"Day after day/Alone on a hill/The man with the foolish grin is keeping perfectly still/But nobody wants to know him/They can see that he's just a fool/And he never gives an answer/But the fool on the hill/Sees the sun going down/And the eyes in his head/See the world spinning 'round."
"The Fool on the Hill" – The Beatles
Whenever one door opens, it's sure to follow that another one, somewhere, closes. For every split in the road, the road you didn’t take represents a whole new set of opportunities and outcomes that will never come to pass.
But just because they didn't come to pass, doesn't mean you can’t entertain them, consider what might have been, what would life be like had you zigged instead of zagged.
I'm there today, thinking on the what-ifs and could-have-beens. Let's start with my first real choice as an adult: joining the Marine Corps.
Following a brief summer job right out of high school as a delivery guy for the local pizza shop (that in itself is a whole 'nother story), lying in my bed on Christmas eve 1992 a stark thought struck me: if I don't get out of this town, I'm dead.
Now see, I didn't run afoul of the law or anger some loan shark or anything like that. I was running with a bad crowd; one of the guys, Keith, had been shot dead at another friend's house over some drug deal gone bad. Those were the people I was hanging out with. And the longer I was there, the deeper into things I was getting.
So as I lay there that Christmas Eve waiting for the remainder of the family to awaken, I knew it was time to go, and time to go big. Actually that's not really true. I'd love to say I joined the Marines because I wanted the challenge, because I felt the sense of honor and pride in being a devil-dog, or any of that television commercial stuff. Nope, I joined the Marines because the day I went down to the mall in Fairbanks, Alaska, to the recruiting station across from the old Fred Meyers department store off College Avenue, the Marine Corps recruiting office was the only one open.
"Sign me up and get me the hell out of here before I change my mind," I distinctly remember telling Staff Sgt. Erickson, the recruiter at the time.
This was the holiday season and obviously I'd caught Erickson at a not so opportune time. He wasn't in his service uniform or even his fatigues; nope, he was wearing a pair of sweat pants and a red USMC sweatshirt.
Erickson looked me up and down. I must have been something for him to see – long hair, overweight, but a determined look in my eyes, and I could see his mind was racing to put me into context, like he'd seen me before. He had; I prayed he didn't remember the encounter.
"We’re not even open today, I just came in to get some paperwork," Erickson told me.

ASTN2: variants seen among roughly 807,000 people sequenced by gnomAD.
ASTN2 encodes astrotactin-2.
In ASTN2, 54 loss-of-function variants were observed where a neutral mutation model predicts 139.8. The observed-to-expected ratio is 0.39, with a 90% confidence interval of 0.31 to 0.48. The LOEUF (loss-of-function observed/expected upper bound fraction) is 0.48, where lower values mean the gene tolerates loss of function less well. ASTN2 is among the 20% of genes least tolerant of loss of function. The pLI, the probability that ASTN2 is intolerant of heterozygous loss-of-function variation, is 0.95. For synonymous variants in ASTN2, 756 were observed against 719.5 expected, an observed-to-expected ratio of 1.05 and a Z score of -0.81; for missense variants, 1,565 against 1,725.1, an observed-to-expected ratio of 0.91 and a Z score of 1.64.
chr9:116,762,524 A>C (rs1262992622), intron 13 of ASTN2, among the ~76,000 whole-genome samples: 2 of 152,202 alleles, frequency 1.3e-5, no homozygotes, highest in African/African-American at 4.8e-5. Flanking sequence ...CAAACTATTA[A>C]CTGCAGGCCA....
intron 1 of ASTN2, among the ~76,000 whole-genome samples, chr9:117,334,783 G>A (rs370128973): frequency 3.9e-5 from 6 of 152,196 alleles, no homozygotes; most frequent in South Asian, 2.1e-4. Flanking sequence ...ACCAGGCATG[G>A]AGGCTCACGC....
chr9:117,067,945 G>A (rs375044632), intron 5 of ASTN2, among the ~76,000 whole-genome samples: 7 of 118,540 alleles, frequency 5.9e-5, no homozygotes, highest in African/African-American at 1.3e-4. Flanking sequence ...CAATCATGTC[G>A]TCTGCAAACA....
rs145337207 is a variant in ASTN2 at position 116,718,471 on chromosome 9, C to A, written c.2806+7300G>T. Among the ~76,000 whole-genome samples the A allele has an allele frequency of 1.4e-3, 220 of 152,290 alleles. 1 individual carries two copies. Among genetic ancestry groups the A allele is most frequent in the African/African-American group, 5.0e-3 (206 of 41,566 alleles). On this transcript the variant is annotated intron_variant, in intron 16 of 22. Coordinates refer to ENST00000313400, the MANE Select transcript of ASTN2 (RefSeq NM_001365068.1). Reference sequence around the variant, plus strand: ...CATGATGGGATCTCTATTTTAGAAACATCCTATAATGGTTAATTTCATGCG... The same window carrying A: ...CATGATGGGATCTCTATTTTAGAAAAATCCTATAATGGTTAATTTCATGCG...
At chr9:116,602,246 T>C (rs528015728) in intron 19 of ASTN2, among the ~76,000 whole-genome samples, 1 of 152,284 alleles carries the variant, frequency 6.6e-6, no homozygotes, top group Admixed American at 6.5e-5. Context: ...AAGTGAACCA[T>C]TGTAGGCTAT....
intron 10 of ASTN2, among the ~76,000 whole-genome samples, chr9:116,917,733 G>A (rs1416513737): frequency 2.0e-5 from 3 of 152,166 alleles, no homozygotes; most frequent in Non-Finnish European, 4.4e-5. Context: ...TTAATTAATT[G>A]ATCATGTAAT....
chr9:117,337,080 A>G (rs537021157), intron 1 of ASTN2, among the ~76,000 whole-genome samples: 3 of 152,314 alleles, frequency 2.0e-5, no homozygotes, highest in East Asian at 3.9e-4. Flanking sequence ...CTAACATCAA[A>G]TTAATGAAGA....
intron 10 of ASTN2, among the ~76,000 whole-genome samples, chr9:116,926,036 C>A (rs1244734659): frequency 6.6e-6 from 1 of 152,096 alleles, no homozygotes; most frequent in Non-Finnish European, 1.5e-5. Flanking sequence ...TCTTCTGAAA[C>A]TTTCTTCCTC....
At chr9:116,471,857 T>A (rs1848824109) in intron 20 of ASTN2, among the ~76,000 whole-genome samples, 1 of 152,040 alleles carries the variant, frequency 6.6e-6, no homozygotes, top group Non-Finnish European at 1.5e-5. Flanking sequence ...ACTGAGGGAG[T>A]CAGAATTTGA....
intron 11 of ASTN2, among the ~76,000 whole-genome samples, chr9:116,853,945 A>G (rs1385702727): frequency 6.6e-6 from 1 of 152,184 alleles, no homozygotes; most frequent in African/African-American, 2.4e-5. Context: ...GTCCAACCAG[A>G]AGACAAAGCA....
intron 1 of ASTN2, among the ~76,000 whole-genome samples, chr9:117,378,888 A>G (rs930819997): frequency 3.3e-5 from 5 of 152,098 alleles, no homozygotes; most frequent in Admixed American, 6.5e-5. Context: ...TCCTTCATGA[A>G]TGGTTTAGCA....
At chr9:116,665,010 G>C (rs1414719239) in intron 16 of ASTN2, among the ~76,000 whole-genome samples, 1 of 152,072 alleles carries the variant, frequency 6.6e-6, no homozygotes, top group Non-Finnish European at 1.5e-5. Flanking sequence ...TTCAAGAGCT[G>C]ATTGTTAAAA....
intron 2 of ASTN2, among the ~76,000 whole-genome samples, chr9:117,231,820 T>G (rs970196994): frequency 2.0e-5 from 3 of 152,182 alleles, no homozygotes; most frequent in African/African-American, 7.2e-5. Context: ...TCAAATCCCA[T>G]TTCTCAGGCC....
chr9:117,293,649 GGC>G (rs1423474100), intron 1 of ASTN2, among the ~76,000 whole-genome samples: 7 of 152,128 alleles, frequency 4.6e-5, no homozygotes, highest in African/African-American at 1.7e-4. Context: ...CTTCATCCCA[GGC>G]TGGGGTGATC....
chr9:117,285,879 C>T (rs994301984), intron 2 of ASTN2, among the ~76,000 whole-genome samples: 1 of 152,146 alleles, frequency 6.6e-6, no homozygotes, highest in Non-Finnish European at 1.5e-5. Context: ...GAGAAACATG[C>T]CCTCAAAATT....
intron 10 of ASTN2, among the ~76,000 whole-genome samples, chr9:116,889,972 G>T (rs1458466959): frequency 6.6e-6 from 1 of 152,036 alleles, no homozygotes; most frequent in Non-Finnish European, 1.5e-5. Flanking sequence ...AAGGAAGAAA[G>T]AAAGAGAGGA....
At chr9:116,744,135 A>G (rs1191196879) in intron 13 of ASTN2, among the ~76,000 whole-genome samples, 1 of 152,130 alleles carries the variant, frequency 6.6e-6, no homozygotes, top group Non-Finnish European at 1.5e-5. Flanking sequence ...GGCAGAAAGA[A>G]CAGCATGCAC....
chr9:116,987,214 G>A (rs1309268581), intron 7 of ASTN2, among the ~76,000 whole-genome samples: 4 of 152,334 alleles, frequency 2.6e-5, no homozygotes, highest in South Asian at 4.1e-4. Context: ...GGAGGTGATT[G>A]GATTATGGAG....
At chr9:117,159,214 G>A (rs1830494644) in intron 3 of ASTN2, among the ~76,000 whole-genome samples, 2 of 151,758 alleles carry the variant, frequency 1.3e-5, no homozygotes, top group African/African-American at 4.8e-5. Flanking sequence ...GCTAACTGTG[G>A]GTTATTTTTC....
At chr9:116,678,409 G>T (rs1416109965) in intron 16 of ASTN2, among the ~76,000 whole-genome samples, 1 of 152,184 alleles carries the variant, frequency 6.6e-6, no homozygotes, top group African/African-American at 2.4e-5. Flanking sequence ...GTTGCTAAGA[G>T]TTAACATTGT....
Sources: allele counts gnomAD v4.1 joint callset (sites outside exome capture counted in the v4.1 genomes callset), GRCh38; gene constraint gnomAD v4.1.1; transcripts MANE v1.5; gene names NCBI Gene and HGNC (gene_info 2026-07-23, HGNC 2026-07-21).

"You have to get me out of here now!" I replied.
Erickson must have sensed something in my voice, something that said I really wasn't kidding.
"Ok, hold on a second while I fire some things up," he said, dodging into his office.
"Wait a minute," I heard him call from his office. "Aren't you the guy who told me to…"
He finished that statement, I just can't print the rest of it. See, one day back in school, Erickson had showed up at North Pole High School. I was a cocky-for-no-good-reason senior at the time. Big man on campus, with a sort of falsely confident swagger to my gait, I knew it all and you couldn't tell me a darn thing. Strolling along the hallways, past the commons, headed outside for a cigarette I blew past Erickson and his booth.
"Hey, how about joining the Marine Corps," he called to me.
"Hey, how about you go … yourself!" I emphatically replied.
In my head at the time, the exchange ended something like this: Ben 1, Marine Corps 0. Man, talk about stupid.
Anyway, I admitted to being that guy and apologized. Erickson accepted the apology and three weeks later I was staring down at Fairbanks from the vantage point of a seat on an Alaska Airlines flight to San Diego, the most transformative four years of my life about to begin.
But what if I hadn't? What if I hadn't walked into that office? Or what if Erickson hadn't decided to come in to grab some office work? Would I have eventually removed my cranium from my anal cavity? Hard to tell; I had already walked away from a full-ride scholarship to the University of Alaska, Fairbanks, so apparently my decision-making skills weren't firing all that well.
Maybe, like a lot of my friends of the time, I would have turned to a harder life — not much to do in Fairbanks, and a lot of people there find themselves wrapped up in illicit trade.
Who knows. But every so often I do try and walk that trail back a bit. To crack open some of those closed doors and see if there was anything there.